17 Apr: Today was a free day around Cape Town, yeah! We decided to hit the Victoria’s Wharf at the waterfront as they had advertised free internet, but it was not to be as the free wifi service was down. Instead, we overpaid for internet at 50 Rand/hour which was surprisingly slow, and then bought some lunch goodies at Pick n’ Pay for a picnic by the waterfront, getting accosted by hungry sea gulls in the process. After lunch, we hit the cinemas and caught the movie “The Eagle” which was entertaining. After the movie, we hit a bookstore to stock up on some reading material and headed back to the Pick n’ Pay for more party supplies for our night of cocktails. With the first round of guests arriving at 6 pm, we hurriedly ate an early dinner (leftover BBQ chicken) and greeted Mike and Frans when they arrived promptly with gifts of wine, a breathalyzer, and a cocktail book in hand…it was great seeing them and chatting them up before the rest of the rowdy partiers arrived. The rest of the gang arrived around 8 pm bringing lots of cocktail and shot ingredients. Robby made his classic passionfruit mojitos with mint leaves which went over well. Kendra brought her purple/green shot ingredients along with shot glasses. The night got progressively crazier and crazier with everyone drinking an insane amount of shots and drinks. It was a great last night party with the original Trans Africa gang (everyone made it but Tim, Norma, Pam, Sean, Sara, and Nancy and Chris), and everyone had a blast. The night resulted in two hookups (Lucky/Tarryn and Bree/Neil), lots of bed jumping, Becky trying to play hide and seek under her bed, and dozens of funny photos. Great night!

18 Apr: Thank God for Dowelly who had the foresight to purchase breakfast ingredients for the morning after hangover cure. He whipped up eggs, bacon, beans, sausages and toast…awesome! It was a slow moving day as we all were feeling the after effects from last night’s partying, but we managed to get some business accomplished when we headed over to David’s for a bit of internet/print/scan action. After returning back to the apartment, we helped Bree carry her gear over to her new hostel as she was leaving for Stellenbosch later this afternoon and leaving her heavy gear in storage at the hostel. The rest of our day was spent exploring Long Street, with its fascinating collection of quirky bars, hotels, shops and sights. Becky had read a positive review of “Blue Valentine” so we decided on another cinema experience today at the Labia Theater where tickets were reasonably priced at 30 Rand a piece. A late lunch was had a St Elmos which prepared delicious pizzas for a reasonable price. After the movie, the sun was setting and the bums of Cape Town came on with full force, begging, wheedling and threatening us for money. It got to be a bit annoying and Becky finally had to get really vocal with one persisted bum whom she mistakenly thought to have said that he had a knife! Arriving back to the apartment unscathed, we packed up in preparation for the second leg of our Trans Africa trip, the 17 week trip from Cape Town to Cairo. After a dinner of hamburgers, we did a quick P90X cardio workout before calling it a night.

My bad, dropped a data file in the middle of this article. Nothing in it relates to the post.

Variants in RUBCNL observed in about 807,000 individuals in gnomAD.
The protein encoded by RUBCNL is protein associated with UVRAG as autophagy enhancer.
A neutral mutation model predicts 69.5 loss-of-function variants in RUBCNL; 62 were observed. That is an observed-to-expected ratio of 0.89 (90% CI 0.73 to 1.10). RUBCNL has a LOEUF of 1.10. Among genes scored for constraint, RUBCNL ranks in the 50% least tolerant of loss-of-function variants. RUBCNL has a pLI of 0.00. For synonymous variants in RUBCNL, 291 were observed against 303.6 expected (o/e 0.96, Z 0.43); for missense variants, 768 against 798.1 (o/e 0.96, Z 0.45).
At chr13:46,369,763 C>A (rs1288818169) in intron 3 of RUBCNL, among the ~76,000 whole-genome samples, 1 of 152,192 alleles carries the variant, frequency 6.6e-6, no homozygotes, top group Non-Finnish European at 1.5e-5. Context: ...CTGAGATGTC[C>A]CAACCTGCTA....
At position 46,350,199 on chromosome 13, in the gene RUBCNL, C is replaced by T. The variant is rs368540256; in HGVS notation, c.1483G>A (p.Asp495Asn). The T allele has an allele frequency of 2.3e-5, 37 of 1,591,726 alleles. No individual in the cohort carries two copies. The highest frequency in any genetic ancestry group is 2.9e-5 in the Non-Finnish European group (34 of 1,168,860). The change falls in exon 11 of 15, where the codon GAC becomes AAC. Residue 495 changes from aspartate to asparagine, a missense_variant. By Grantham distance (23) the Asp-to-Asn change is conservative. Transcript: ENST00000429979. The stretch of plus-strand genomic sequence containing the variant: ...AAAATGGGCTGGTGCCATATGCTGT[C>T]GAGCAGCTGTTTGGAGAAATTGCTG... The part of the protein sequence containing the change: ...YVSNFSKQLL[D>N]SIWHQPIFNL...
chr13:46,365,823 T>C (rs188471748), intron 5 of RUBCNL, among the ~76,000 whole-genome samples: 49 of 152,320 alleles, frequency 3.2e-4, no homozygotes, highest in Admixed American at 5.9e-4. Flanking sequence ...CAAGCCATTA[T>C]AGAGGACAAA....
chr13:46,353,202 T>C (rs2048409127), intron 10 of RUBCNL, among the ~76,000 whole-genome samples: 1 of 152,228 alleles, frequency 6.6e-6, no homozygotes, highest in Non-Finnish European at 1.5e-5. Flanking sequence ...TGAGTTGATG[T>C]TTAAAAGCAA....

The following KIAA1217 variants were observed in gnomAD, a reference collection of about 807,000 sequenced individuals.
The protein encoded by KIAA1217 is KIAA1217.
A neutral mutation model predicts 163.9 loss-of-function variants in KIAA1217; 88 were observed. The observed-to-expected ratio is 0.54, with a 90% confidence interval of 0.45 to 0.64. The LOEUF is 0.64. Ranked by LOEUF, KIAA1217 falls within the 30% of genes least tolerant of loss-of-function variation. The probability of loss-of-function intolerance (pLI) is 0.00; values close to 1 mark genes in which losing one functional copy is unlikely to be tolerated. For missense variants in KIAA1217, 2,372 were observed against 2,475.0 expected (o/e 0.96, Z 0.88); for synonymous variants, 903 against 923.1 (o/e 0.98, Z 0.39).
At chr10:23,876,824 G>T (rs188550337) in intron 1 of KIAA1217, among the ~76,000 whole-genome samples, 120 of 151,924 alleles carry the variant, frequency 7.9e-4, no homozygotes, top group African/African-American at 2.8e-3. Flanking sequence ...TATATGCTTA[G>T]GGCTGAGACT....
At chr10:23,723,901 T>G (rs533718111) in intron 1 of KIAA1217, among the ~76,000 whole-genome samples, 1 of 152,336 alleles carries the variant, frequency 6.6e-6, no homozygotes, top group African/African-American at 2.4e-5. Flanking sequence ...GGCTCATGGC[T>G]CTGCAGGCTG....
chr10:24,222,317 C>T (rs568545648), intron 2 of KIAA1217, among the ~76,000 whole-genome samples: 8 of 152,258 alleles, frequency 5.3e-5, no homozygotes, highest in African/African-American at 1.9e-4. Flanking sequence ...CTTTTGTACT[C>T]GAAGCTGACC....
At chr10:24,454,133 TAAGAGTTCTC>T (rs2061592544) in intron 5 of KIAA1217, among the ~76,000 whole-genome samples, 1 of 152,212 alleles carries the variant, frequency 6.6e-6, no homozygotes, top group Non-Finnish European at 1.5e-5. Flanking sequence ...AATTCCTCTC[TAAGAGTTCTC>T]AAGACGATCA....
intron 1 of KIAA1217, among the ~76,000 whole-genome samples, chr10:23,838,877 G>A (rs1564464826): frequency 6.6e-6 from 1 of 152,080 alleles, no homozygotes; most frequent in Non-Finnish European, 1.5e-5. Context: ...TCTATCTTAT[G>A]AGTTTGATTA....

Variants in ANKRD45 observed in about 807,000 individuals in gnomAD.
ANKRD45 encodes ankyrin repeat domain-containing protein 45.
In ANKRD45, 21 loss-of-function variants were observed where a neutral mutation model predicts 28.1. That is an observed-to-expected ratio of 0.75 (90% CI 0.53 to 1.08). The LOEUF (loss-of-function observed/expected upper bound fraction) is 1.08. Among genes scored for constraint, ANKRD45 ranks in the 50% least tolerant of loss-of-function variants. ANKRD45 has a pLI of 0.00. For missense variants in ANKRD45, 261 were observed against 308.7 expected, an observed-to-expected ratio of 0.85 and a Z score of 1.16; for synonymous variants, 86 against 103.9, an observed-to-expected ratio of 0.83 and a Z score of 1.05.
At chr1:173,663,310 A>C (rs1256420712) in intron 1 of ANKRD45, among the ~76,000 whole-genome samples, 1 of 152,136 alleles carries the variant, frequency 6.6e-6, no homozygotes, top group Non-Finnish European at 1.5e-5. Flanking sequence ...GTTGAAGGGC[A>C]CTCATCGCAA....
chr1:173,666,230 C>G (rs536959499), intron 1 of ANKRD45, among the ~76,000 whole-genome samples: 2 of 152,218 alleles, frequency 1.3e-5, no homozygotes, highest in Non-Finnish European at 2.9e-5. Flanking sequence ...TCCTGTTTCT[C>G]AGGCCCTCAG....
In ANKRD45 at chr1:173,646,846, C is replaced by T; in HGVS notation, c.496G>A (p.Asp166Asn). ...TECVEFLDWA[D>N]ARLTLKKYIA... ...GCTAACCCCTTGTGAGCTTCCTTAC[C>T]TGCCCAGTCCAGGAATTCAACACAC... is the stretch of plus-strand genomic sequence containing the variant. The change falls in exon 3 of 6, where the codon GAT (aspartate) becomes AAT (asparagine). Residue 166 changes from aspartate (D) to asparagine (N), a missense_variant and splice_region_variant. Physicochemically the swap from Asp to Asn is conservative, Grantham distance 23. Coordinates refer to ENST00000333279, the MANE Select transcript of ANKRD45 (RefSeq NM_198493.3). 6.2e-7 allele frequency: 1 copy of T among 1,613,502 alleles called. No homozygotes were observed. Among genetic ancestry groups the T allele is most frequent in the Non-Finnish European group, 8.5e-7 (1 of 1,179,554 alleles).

19 Apr: It was an early morning as we had to be at the Ashanti by 7:30 am for departure. Robby made omelets with salsa/guacamole and toast for breakfast, and we lugged our backpacks and remaining alcohol from the party down the street where we managed to hail a ricky for a ride to Long Street. Since he was confused as to where we wanted to be let off at, he dropped all his other passengers off first and than chauffeured us directly to the Ashanti, charging us only 10 Rand a piece….bargain. It was a sad goodbye and we hugged Mike, Frans, Ruth and Hoff goodbye. It was a short drive to Stellenbosch’s Stumble Inn, where we were reunited with Bree and Neil. Becky was still feeling the aftereffects from the previous night’s party, so she skipped out on the wine tour but Robby paid 350 Rand and visited the following four vineyards: Simonsig, Fairview, Duwey Donne, Solmsdelta. He had a good time but was a bit disappointed to find out that the individual wineries could be visited at 25 Rand a piece for a wine tasting, so the tour was vastly overpriced. Becky meanwhile enjoyed herself in pretty Stellenbosch, strolling around the picturesque town with a tourist map in hand and ticking off the main highlights. When the wine group returned at 5 pm, we headed off for dinner at a nearby Thai restaurant before linking back up with the rest of the group at Dros, where we had a few drinks and enjoyed meeting the new people on our Trans trip. It was a late night as we didn’t reach the Stumble Inn until about midnight.

20 Apr: We took early morning showers and had a healthy breakfast before our 7 am departure. It was a full drive day with a truck lunch (yummy salad sandwiches!) and fuel stops on our zooming ride back up to the South Africa/Namibia border. Robby was able to stop at the VAT office to get a refund for his camera purchase in Cape Town and several other members of our group also took advantage of the 14% cash back offered at the border.